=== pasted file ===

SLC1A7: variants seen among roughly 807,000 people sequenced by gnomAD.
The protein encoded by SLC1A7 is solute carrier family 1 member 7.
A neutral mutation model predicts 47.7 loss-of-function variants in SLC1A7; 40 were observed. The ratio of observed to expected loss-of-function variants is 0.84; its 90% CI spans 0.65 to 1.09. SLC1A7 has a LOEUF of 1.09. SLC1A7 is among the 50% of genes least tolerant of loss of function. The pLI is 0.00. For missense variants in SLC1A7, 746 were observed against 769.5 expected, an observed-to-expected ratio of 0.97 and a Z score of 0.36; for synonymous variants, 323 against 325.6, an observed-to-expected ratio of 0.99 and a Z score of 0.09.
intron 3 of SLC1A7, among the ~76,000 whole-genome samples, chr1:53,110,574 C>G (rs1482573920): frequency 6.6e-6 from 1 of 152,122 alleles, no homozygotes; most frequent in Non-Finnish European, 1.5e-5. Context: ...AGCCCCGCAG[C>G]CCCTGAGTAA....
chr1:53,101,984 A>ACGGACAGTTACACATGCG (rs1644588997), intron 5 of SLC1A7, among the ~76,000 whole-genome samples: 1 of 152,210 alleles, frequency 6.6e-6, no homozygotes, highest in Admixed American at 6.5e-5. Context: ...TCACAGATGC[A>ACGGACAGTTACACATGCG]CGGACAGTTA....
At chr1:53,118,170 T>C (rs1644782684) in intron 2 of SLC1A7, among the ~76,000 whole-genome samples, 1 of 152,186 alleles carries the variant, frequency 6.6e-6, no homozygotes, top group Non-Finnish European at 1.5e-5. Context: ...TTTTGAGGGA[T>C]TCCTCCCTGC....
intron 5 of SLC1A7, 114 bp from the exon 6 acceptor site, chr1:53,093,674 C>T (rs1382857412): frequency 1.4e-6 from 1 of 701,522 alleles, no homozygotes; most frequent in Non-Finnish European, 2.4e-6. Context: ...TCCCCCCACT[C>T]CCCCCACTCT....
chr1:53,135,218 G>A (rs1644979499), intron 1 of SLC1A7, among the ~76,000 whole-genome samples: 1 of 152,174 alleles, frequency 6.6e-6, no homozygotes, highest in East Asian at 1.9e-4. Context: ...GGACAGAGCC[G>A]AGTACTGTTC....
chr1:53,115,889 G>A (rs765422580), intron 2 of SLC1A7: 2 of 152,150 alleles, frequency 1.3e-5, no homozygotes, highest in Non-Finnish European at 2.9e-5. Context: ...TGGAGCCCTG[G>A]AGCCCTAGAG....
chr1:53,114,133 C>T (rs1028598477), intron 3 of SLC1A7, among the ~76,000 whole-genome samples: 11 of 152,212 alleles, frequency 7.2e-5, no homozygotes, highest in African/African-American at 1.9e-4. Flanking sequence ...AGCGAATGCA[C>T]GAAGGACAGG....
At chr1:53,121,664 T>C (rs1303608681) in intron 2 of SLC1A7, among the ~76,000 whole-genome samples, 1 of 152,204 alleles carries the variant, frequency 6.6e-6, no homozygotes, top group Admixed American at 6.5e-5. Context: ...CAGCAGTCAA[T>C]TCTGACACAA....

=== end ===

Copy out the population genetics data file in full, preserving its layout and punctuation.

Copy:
SLC1A7: variants seen among roughly 807,000 people sequenced by gnomAD.
The protein encoded by SLC1A7 is solute carrier family 1 member 7.
A neutral mutation model predicts 47.7 loss-of-function variants in SLC1A7; 40 were observed. The ratio of observed to expected loss-of-function variants is 0.84; its 90% CI spans 0.65 to 1.09. SLC1A7 has a LOEUF of 1.09. SLC1A7 is among the 50% of genes least tolerant of loss of function. The pLI is 0.00. For missense variants in SLC1A7, 746 were observed against 769.5 expected, an observed-to-expected ratio of 0.97 and a Z score of 0.36; for synonymous variants, 323 against 325.6, an observed-to-expected ratio of 0.99 and a Z score of 0.09.
intron 3 of SLC1A7, among the ~76,000 whole-genome samples, chr1:53,110,574 C>G (rs1482573920): frequency 6.6e-6 from 1 of 152,122 alleles, no homozygotes; most frequent in Non-Finnish European, 1.5e-5. Context: ...AGCCCCGCAG[C>G]CCCTGAGTAA....
chr1:53,101,984 A>ACGGACAGTTACACATGCG (rs1644588997), intron 5 of SLC1A7, among the ~76,000 whole-genome samples: 1 of 152,210 alleles, frequency 6.6e-6, no homozygotes, highest in Admixed American at 6.5e-5. Context: ...TCACAGATGC[A>ACGGACAGTTACACATGCG]CGGACAGTTA....
At chr1:53,118,170 T>C (rs1644782684) in intron 2 of SLC1A7, among the ~76,000 whole-genome samples, 1 of 152,186 alleles carries the variant, frequency 6.6e-6, no homozygotes, top group Non-Finnish European at 1.5e-5. Context: ...TTTTGAGGGA[T>C]TCCTCCCTGC....
intron 5 of SLC1A7, 114 bp from the exon 6 acceptor site, chr1:53,093,674 C>T (rs1382857412): frequency 1.4e-6 from 1 of 701,522 alleles, no homozygotes; most frequent in Non-Finnish European, 2.4e-6. Context: ...TCCCCCCACT[C>T]CCCCCACTCT....
chr1:53,135,218 G>A (rs1644979499), intron 1 of SLC1A7, among the ~76,000 whole-genome samples: 1 of 152,174 alleles, frequency 6.6e-6, no homozygotes, highest in East Asian at 1.9e-4. Context: ...GGACAGAGCC[G>A]AGTACTGTTC....
chr1:53,115,889 G>A (rs765422580), intron 2 of SLC1A7: 2 of 152,150 alleles, frequency 1.3e-5, no homozygotes, highest in Non-Finnish European at 2.9e-5. Context: ...TGGAGCCCTG[G>A]AGCCCTAGAG....
chr1:53,114,133 C>T (rs1028598477), intron 3 of SLC1A7, among the ~76,000 whole-genome samples: 11 of 152,212 alleles, frequency 7.2e-5, no homozygotes, highest in African/African-American at 1.9e-4. Flanking sequence ...AGCGAATGCA[C>T]GAAGGACAGG....
At chr1:53,121,664 T>C (rs1303608681) in intron 2 of SLC1A7, among the ~76,000 whole-genome samples, 1 of 152,204 alleles carries the variant, frequency 6.6e-6, no homozygotes, top group Admixed American at 6.5e-5. Context: ...CAGCAGTCAA[T>C]TCTGACACAA....